The constant fight can be disheartening. During Super Bowl weekend, the Collective led a group of volunteers and effectively shut down the Metro Transit light rail by joining hands and standing on the track in nearly 20-below weather. The light rail had been co-opted for exclusive use by ticket holders. The rest of the city waited for buses running two hours behind. The Collective felt the city had essentially been turned into a playground for the rich.
“The cops were on the track when we got there, yelling at us,” organizer Yolanda Hare says. They held hands and stood their ground. Their strength, she says, was being there together.
Police removed them from the track.
Constant protest is one of the core tenants of the Collective. When the group was formed, they wanted to create something they could sustain—something that was less about reacting to every violent and racist incident, and more about creating a visionary future for black people. A future where they didn’t have to fear police, a future full of black leaders, a future full of love and belonging. That means focusing on healing and happiness as much as calling out police violence against their neighbors.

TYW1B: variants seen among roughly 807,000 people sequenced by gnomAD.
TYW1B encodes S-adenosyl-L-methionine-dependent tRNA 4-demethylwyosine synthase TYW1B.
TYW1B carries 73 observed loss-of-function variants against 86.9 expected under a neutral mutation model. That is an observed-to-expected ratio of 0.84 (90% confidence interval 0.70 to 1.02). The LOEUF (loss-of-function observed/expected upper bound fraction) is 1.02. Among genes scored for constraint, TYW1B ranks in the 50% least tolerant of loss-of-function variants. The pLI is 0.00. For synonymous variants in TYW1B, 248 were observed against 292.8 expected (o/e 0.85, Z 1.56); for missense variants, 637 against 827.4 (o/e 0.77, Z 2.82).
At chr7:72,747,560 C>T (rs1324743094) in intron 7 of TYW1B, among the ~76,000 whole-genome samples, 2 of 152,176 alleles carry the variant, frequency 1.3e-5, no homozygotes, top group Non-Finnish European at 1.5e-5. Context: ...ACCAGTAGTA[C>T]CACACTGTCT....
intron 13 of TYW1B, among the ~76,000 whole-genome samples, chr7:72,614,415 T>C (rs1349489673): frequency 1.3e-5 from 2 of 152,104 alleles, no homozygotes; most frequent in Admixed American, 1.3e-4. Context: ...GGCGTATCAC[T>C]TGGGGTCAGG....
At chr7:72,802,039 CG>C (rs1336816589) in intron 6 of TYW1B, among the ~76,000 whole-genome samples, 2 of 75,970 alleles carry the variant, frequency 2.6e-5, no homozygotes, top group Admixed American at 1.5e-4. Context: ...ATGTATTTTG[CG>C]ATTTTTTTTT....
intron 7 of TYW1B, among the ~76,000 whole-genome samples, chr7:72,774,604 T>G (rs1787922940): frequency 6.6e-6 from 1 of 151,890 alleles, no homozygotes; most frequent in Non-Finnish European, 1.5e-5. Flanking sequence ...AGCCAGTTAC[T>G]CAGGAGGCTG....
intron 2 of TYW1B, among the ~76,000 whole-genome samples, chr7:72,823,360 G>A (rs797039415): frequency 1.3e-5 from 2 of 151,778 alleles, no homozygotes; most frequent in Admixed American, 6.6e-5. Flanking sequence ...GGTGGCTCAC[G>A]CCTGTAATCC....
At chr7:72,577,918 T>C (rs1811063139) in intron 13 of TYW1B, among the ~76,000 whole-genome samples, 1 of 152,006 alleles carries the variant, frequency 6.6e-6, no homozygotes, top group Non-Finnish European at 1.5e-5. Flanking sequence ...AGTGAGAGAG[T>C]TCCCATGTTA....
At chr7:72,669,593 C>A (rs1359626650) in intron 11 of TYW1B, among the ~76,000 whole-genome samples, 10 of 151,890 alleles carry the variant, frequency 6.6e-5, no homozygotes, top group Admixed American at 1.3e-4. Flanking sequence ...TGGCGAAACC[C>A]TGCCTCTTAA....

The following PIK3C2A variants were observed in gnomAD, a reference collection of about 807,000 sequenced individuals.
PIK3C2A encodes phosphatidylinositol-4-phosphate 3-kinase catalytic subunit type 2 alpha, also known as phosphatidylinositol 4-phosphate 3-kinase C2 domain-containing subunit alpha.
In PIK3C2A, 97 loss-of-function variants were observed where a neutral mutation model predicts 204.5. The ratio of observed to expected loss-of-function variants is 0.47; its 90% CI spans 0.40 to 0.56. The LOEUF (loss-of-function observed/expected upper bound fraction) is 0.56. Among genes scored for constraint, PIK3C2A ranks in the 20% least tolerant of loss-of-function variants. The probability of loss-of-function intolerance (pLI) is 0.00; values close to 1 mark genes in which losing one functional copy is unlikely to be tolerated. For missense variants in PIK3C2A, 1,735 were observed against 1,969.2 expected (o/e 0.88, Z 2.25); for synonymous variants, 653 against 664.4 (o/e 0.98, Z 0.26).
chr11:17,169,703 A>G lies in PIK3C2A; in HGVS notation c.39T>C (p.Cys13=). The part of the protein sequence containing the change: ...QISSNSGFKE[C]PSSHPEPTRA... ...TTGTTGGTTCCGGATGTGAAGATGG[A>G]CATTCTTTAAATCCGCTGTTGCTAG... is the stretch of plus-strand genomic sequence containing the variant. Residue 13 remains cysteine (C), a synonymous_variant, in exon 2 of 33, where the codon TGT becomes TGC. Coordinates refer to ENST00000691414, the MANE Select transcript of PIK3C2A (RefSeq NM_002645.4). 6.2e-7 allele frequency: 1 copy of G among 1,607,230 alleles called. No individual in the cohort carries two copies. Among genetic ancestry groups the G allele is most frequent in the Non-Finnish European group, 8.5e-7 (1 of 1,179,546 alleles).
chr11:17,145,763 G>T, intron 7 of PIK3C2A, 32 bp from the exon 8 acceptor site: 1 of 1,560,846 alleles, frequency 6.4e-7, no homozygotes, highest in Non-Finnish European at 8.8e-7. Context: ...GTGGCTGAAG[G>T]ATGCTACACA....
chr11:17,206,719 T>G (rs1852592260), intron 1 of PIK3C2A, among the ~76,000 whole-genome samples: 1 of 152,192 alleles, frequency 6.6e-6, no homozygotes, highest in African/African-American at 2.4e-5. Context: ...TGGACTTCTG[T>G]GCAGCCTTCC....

So, two Sundays a month, the Collective holds a program called Black Joy Sunday. It’s a time black people can gather—usually at a park or an outdoor festival—and just eat, relax, and check in with one another.
“When black people get together, it’s always over an event,” Saballos says. Too often, those gatherings have been in the aftermath of a tragedy.This is supposed to be a reflection of a family reunion.
It’s an important connection to have, when the people flanking either side of the street at Pride—an event borne from the fury of police protests—are telling you not to be assholes. That’s the kind of thing, organizer Sophia Benrud says, that makes her not want to go to back to Pride.
“It makes you have more pride and solidarity between POC folks,” she says. “But it definitely doesn’t make me feel that much pride in the LGBTQ community as a whole, because there is a huge divide.”
And if you ask a collective of black, queer, feminist activists, that’s more than just discrimination.
“It’s just bad strategy,” Montgomery says.